Pinterest has been a hot topic here at CTD- first, I wrote a post about Pinterest and Why Crafters Love It. Then, folks started reading the fine print of the Pinterest Terms of Service and getting alarmed, so Juliann wrote the Perils of Pinterest.Â
Well, it seems that Ben at Pinterest has been listening.
Today I got this e-mail:
- Our original Terms stated that by posting content to Pinterest you grant Pinterest the right for to sell your content. Selling content was never our intention and we removed this from our updated Terms.
- We updated our Acceptable Use Policy and we will not allow pins that explicitly encourage self-harm or self-abuse.
- We released simpler tools for anyone to report alleged copyright or trademark infringements.
- Finally, we added language that will pave the way for new features such as a Pinterest API and Private Pinboards.
We think these changes are important and we encourage you to review the new documents here. These terms will go into effect for all users on April 6, 2012.
Like everything at Pinterest, these updates are a work in progress that we will continue to improve upon. We’re working hard to make Pinterest the best place for you to find inspiration from people who share your interest. We’ve gotten a lot of help from our community as we’ve crafted these Terms.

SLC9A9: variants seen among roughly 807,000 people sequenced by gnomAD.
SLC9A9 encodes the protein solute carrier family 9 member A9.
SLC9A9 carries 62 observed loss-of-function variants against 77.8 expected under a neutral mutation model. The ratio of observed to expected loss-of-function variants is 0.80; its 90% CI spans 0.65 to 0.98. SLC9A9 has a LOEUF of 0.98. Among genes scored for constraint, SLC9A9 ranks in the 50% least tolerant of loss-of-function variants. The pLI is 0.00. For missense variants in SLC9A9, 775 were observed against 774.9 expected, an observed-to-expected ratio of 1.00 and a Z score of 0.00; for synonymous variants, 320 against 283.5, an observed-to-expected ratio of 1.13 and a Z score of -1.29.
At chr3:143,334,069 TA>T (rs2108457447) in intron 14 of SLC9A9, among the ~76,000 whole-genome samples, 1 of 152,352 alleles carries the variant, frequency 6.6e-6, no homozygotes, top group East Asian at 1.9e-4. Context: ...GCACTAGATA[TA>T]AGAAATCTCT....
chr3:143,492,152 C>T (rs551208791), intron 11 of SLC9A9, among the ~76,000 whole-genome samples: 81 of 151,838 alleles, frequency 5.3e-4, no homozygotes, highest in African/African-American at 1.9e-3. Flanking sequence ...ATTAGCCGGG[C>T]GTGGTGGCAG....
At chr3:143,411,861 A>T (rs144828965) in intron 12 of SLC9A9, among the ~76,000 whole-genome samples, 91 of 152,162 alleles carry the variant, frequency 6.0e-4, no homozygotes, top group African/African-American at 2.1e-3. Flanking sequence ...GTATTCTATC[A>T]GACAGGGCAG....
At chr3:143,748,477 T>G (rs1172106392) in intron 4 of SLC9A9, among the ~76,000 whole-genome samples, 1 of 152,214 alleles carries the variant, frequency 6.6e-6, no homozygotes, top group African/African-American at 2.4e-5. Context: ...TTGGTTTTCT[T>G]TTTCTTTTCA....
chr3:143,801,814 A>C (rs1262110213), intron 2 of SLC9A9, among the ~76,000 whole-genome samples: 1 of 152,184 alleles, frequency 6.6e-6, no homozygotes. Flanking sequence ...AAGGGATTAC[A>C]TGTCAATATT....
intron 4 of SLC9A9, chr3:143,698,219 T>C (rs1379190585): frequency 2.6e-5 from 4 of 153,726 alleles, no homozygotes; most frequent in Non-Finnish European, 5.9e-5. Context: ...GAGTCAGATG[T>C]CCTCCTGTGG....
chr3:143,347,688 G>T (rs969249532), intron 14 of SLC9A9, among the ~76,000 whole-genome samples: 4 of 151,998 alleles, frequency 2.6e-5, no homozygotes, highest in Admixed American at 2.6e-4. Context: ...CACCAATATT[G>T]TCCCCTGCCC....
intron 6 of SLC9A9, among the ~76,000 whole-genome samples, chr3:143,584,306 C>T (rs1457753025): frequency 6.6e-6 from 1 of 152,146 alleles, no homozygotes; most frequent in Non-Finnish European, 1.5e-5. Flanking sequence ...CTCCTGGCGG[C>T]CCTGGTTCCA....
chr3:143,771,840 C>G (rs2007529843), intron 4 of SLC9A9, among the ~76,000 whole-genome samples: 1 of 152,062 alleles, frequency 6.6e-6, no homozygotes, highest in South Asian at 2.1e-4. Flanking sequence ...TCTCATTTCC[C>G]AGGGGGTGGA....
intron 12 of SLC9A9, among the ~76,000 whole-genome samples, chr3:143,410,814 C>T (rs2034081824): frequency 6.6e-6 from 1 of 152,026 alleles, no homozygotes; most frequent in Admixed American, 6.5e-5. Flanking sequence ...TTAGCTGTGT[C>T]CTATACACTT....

Ben & the Pinterest Team
Hooray! It’s so great to know that Pinterest is hearing our concerns- especially about selling our images- and has responded. I only know of a few people who actually deleted their boards– most of us in the crafting community felt that the sharing of ideas for the return of increased blog traffic was well worth the risk (myself included)- but hopefully this will put the fine artists at ease.
I think it’s hinky that you have to opt OUT of someone pinning your content- you (the website or blog owner) must install an anti-pinning code to keep others from sharing your images. (They are adopting the same model as Google.) And I’m still not in love with Pinterest hijacking my affiliate code without first disclosing that they were monetizing that way- but one step at a time, right?
For some good ideas about how to use Pinterest as a tool to grow your business AND control more of what does and doesn’t get pinned, please read this step-out Instructable by Lynne Bruning. It’s like those after-school specials….”The More You Know,” those PSAs that ran after school when I was a kid. The more we ALL know, the better.
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